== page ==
Open main menu

William Ward, 1st Earl of Dudley

The Earl of Dudley as caricatured by Ape (Carlo Pellegrini) in Vanity Fair, June 1870

William Ward, 1st Earl of Dudley (27 March 1817 – 7 May 1885), known as The Lord Ward from 1835 to 1860, was a British landowner and benefactor.

Background and educationEdit

Ward was born on 27 March 1817 at Edwardstone, Boxford, Suffolk, England, the son of William Ward, 10th Baron Ward, who had succeeded in the barony of Ward on the death of his second cousin, Foreign Secretary John Ward, 1st Earl of Dudley, in 1833 (the earldom becoming extinct). His mother was Amelia, daughter of William Cooch Pillans. He was educated at Eton and Christ Church, Oxford and Trinity College, Oxford.[1] He played first-class cricket for Oxford University Cricket Club between 1838 and 1842.[2] He inherited the title of Lord Ward on 6 December 1835, when he became the 11th Baron Ward.[3] His inheritance included Himley Hall and the ruins of Dudley Castle. In 1837 his trustees purchased the Witley Court estate in Worcestershire from Thomas Foley, 4th Baron Foley.


The monument to William Ward, 1st Earl of Dudley, in Worcester Cathedral

William Ward never held any political office.[4] He was Colonel Commander of the Worcestershire Yeomanry in 1854.[4]

Between 1859 and 1877 Ward paid for the entire refacing and restoration of Worcester Cathedral[5] and there is a monument to him in the cathedral. In 1868 he defrayed one third of the cost of the tower and spire of St John the Baptist's Church at Hagley.[5] He was also a trustee of the National Gallery and the National Portrait Gallery.[1] In 1860 the earldom held by his kinsman was revived when he was created Viscount Ednam, of Ednam in the County of Roxburgh, and Earl of Dudley, of Dudley Castle in the County of Stafford.[6]


Lord Dudley married, firstly, Selina Constance, daughter of Hubert de Burgh, on 24 April 1851. She died on 14 November of the same year, aged only 22. There were no children from this marriage.

He married, secondly, Georgina Elisabeth, daughter of Sir Thomas Moncreiffe, 7th Baronet, and Lady Louisa Hay-Drummond, on 21 November 1865. They had six sons and one daughter:[7]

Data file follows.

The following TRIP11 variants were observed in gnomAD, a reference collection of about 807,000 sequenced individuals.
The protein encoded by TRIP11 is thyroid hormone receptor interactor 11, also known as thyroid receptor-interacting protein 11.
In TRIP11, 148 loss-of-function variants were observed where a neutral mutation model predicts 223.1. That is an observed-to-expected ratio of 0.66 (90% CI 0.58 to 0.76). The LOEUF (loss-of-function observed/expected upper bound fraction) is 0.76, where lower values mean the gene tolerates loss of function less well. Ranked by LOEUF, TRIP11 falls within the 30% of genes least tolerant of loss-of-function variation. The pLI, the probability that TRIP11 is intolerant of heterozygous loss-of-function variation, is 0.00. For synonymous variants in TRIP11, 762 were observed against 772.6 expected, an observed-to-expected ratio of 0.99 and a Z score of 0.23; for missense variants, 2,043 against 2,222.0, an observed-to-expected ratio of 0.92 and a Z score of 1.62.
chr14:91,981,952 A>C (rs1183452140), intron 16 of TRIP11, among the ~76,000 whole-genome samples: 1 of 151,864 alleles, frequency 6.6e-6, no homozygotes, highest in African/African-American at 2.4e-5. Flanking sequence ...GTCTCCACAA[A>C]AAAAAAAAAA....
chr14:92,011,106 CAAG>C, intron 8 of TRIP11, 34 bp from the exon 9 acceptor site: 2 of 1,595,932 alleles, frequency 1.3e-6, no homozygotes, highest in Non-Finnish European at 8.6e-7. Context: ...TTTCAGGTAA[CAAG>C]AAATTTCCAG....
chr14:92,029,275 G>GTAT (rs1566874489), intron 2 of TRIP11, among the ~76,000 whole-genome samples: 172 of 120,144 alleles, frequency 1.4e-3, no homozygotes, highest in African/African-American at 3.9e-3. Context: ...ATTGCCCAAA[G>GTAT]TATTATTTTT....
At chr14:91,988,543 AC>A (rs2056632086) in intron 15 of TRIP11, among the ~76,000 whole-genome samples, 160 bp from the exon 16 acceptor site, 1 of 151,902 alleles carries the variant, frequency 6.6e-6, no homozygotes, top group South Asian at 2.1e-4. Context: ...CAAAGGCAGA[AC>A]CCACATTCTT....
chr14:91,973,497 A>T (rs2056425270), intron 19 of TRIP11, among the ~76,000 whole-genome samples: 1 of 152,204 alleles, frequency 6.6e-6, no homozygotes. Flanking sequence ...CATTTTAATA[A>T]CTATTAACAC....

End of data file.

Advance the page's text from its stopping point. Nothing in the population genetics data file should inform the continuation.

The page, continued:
His sister-in-law Harriet Moncreiffe, who a few years later, as Lady Mordaunt, became embroiled in a sensational divorce case, referred to him as "frizzle wig".[10]

Ward died on 7 May 1885, aged 68, at Dudley House, Park Lane, Mayfair, in London, and was buried in Great Witley, Worcestershire. His remains were later reinterred in Worcester Cathedral.

The Countess of Dudley survived her husband by over forty years and died in February 1929 at her home at Pembroke Lodge, Richmond Park[11] at the age of 82, having spent over half her life as a widow.


  1. ^ a b William Ward, 1st Earl of Dudley
  2. ^ Cricket Archive: Lord Ward
  3. ^ Burke, Sir Bernard (1869). A Genealogical and Heraldic Dictionary of the Peerage and Baronetage of the British Empire. London: Harrison and Sons. pp. 367–368.
  4. ^ a b Cokayne, George Edward (1910). The complete peerage of England, Scotland, Ireland, Great Britain and the United Kingdom, extant, extinct, or dormant. 4. London: The St. Catherine Press, Ltd. p. 490.
  5. ^ a b Folkes, J. Homery The Victorian Architect and George Edmund Street Transactions of the Worcestershire Archaeological Society. Third Series Vol 4 1974 p9
  6. ^ "No. 22356". The London Gazette. 14 February 1860. p. 518.
  7. ^ "William Ward, 1st Earl of Dudley". 26 December 2012. Retrieved 2 June 2014.
  8. ^ a b "Ward, the Hon. Gerald Ernest Francis". Commonwealth War Graves Commission. Retrieved 2 June 2014.
  9. ^ "Gerald Ward". Cricket Archive. Retrieved 2 June 2014.
  10. ^ Hamilton, Elizabeth (1999) The Warwickshire Scandal
  11. ^ "Death of Georgina, Lady Dudley: A Great Lady of the Victorian Age". Glasgow Herald. 9 February 1929.

External linksEdit